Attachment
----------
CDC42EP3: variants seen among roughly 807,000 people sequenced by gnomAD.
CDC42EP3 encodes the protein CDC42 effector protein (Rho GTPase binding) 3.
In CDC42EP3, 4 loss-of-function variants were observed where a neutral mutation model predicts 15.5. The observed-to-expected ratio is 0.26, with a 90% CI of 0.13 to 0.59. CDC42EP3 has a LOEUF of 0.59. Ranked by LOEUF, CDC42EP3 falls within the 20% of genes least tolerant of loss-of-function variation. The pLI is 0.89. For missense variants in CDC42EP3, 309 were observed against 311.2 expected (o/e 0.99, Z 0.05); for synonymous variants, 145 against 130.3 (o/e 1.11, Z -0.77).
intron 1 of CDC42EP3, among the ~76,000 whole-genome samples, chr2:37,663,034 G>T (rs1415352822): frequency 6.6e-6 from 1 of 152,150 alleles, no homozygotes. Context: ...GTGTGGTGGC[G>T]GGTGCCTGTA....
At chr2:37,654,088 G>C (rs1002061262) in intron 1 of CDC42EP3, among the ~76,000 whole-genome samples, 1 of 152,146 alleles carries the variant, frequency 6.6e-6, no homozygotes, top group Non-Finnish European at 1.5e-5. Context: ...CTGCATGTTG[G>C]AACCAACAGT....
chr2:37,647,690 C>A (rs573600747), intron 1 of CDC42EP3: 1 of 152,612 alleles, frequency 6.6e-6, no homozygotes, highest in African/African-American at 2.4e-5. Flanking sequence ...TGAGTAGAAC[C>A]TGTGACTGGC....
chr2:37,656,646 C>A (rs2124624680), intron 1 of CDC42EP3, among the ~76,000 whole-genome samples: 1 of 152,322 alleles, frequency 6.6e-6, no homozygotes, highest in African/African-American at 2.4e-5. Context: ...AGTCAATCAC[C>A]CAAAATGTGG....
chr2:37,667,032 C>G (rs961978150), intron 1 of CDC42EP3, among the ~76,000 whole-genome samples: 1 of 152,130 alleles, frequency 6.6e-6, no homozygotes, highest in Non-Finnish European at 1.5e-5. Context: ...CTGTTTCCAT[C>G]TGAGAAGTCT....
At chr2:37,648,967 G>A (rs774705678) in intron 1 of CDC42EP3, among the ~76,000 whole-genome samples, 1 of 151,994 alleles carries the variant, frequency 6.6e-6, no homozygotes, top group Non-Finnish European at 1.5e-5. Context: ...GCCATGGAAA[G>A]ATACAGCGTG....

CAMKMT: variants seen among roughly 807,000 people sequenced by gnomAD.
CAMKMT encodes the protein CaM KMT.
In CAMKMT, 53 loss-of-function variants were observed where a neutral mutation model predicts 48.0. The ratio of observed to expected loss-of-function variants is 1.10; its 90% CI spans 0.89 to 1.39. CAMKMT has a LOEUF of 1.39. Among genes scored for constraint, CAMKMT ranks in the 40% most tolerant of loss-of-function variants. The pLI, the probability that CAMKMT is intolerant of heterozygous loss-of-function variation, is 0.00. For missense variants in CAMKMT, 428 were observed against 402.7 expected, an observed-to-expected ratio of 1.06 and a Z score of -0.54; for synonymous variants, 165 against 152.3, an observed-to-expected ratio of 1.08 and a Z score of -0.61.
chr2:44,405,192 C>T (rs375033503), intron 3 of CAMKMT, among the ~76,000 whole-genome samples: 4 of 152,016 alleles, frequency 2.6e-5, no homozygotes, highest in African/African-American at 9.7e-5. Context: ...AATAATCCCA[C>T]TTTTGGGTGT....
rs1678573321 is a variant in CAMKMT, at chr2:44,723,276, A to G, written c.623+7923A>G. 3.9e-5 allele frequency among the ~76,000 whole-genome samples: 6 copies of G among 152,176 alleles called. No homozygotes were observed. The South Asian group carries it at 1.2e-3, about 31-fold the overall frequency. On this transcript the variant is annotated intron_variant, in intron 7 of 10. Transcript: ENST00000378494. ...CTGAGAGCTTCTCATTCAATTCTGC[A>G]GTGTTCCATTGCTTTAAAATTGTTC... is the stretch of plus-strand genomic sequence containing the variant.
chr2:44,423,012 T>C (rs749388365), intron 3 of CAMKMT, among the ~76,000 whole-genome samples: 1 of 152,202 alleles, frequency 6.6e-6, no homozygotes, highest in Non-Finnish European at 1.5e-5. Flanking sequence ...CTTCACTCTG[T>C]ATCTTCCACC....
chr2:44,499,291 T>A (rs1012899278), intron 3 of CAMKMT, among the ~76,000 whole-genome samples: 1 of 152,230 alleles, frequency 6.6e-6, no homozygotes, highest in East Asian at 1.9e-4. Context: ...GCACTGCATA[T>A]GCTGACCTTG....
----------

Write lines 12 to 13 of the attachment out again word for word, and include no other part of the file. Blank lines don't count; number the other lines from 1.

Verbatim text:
In CAMKMT, 53 loss-of-function variants were observed where a neutral mutation model predicts 48.0. The ratio of observed to expected loss-of-function variants is 1.10; its 90% CI spans 0.89 to 1.39. CAMKMT has a LOEUF of 1.39. Among genes scored for constraint, CAMKMT ranks in the 40% most tolerant of loss-of-function variants. The pLI, the probability that CAMKMT is intolerant of heterozygous loss-of-function variation, is 0.00. For missense variants in CAMKMT, 428 were observed against 402.7 expected, an observed-to-expected ratio of 1.06 and a Z score of -0.54; for synonymous variants, 165 against 152.3, an observed-to-expected ratio of 1.08 and a Z score of -0.61.
chr2:44,405,192 C>T (rs375033503), intron 3 of CAMKMT, among the ~76,000 whole-genome samples: 4 of 152,016 alleles, frequency 2.6e-5, no homozygotes, highest in African/African-American at 9.7e-5. Context: ...AATAATCCCA[C>T]TTTTGGGTGT....